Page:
Antibiotics are the main weapon of medicine in the fight against infectious diseases caused by bacteria. However, doctors all over the world are slowly running out of ammunition. Because more and more bacteria are developing resistance to life-saving drugs. In many cases, even the spare antibiotics that are withheld for emergencies are no longer as effective as they used to be. This is mainly due to the fact that the means are used far too often. They are sometimes prescribed unnecessarily. And in livestock farming, they are even used prophylactically. However, with each use, the likelihood of new resistance increases. One possible solution to the problem is to continuously develop new antibiotics. But for many pharmaceutical companies, this is too risky. Because the success of the research work is by no means certain. In addition, initially, only low sales figures beckon because new active ingredients are initially kept in reserve.
The genomes of 10,000 bacterial strains were analyzed
A new method that scientists at Rockefeller University in New York have successfully applied for the first time could help. This is what is known as genome mining. Classic antibiotics come from fungi or bacteria that produce special repellents to control other strains. The necessary genetic blueprint is stored in so-called biosynthetic gene clusters. Now if you want to investigate a new antibiotic, the microorganisms in the lab have to be coaxed to activate just the right gene cluster. The active substance released in this way can then be isolated and further processed. However, the whole process is extremely complex. A team from Rockefeller University led by Zongquian Wang has therefore taken a different path. Using genome editing, they first looked at the genome of some 10,000 bacterial strains. They searched for gene sequences containing the corresponding blueprints for lipopeptides. In addition, it was checked whether there was an evolutionary relationship with already known antibiotics.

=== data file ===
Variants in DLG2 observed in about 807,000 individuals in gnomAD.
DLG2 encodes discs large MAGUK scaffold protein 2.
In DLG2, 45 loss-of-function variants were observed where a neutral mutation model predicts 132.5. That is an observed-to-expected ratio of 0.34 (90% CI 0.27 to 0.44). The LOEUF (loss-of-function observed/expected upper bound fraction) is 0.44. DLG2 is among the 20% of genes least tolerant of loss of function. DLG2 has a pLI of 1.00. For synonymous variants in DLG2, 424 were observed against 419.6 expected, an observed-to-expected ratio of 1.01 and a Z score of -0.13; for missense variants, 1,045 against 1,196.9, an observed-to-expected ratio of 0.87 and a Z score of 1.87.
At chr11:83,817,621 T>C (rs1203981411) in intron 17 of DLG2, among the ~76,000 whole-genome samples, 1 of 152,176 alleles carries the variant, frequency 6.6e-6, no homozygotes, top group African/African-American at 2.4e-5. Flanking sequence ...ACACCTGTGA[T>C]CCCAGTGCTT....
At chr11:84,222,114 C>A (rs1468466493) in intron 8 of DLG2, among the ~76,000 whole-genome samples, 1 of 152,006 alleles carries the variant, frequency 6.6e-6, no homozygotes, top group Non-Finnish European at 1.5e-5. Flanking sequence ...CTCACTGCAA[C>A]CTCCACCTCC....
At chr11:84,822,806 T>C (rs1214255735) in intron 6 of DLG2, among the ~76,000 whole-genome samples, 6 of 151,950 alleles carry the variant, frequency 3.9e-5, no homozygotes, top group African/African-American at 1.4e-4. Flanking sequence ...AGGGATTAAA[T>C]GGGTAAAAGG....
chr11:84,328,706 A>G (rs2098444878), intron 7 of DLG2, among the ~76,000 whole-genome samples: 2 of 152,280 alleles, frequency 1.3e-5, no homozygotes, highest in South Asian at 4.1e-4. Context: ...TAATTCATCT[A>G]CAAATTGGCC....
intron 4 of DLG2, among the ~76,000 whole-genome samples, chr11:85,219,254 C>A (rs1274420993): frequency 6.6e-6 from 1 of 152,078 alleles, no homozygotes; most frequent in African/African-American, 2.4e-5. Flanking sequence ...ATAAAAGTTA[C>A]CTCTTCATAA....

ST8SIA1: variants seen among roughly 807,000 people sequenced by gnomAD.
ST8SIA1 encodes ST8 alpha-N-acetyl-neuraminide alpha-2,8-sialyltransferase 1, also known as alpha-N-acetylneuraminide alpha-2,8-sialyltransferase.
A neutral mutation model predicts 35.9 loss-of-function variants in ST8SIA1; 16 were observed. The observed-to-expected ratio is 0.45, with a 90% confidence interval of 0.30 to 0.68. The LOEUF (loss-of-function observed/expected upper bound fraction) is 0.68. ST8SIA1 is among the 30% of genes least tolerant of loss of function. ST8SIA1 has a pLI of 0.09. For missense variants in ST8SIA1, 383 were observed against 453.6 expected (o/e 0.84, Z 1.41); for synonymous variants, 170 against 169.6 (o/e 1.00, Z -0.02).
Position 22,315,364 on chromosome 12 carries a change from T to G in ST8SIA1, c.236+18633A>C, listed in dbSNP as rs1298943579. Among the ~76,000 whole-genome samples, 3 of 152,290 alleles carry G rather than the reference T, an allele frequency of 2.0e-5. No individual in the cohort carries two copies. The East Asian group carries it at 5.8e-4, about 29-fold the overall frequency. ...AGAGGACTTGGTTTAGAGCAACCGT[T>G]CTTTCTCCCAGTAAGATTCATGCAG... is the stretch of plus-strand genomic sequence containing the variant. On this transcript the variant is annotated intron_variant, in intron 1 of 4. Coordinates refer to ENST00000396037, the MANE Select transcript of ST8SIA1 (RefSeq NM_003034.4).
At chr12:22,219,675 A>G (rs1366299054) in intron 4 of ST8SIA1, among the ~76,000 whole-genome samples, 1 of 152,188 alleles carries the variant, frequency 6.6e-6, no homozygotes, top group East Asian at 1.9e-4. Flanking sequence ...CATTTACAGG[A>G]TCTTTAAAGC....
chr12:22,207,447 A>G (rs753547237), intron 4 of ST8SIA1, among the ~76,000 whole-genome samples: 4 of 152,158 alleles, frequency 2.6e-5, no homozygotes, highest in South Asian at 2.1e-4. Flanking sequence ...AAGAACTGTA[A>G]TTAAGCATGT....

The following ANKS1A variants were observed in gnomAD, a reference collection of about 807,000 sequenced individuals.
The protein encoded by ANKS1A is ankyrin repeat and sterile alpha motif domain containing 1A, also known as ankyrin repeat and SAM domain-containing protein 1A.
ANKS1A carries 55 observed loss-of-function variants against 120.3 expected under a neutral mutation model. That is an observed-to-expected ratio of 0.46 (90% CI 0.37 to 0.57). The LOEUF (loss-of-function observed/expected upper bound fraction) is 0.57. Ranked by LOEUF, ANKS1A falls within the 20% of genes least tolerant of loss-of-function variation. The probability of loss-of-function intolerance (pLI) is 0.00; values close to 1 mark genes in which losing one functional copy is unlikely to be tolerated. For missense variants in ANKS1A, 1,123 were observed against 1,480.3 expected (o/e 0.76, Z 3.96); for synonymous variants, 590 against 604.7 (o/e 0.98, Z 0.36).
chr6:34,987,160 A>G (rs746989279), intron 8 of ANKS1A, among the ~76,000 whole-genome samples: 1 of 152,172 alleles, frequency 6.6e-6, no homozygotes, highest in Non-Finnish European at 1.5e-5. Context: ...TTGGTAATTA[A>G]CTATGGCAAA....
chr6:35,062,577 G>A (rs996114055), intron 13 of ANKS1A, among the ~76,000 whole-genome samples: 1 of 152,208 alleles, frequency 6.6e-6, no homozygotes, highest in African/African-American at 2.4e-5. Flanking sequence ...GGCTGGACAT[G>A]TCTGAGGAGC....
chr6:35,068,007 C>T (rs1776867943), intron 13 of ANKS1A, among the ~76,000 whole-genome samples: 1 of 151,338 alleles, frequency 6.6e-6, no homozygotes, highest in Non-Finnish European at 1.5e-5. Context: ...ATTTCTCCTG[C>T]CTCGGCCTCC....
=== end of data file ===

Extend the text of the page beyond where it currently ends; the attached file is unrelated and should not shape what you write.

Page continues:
Algorithms enable replication in the lab
For example, the researchers focused on the bacterium Paenibacillus mucilaginosus. Instead of obtaining the active ingredient through laborious work in the lab, algorithms were then used. These predicted what the substance most likely looks like and is composed of. It was then simply artificially recreated using targeted chemical processes. This is how a new antibiotic called cilagicin came about. Initial tests have shown that it can be used to fight a range of bacteria. Even resistant enterococci, which cause major problems in many hospitals, have been successfully controlled in mice and in Petri dishes. The new antibiotic becomes effective by disrupting the structure of the cell walls of the bacteria in question. This happens in two ways, which could at the very least make it more difficult for new resistance to emerge. However, two limitations should be noted: Clinical studies in humans are still pending. And: It seems that the drug only works on gram-positive bacteria. However, the basic procedure can be repeated in a relatively straightforward manner to find other effective new antibiotics.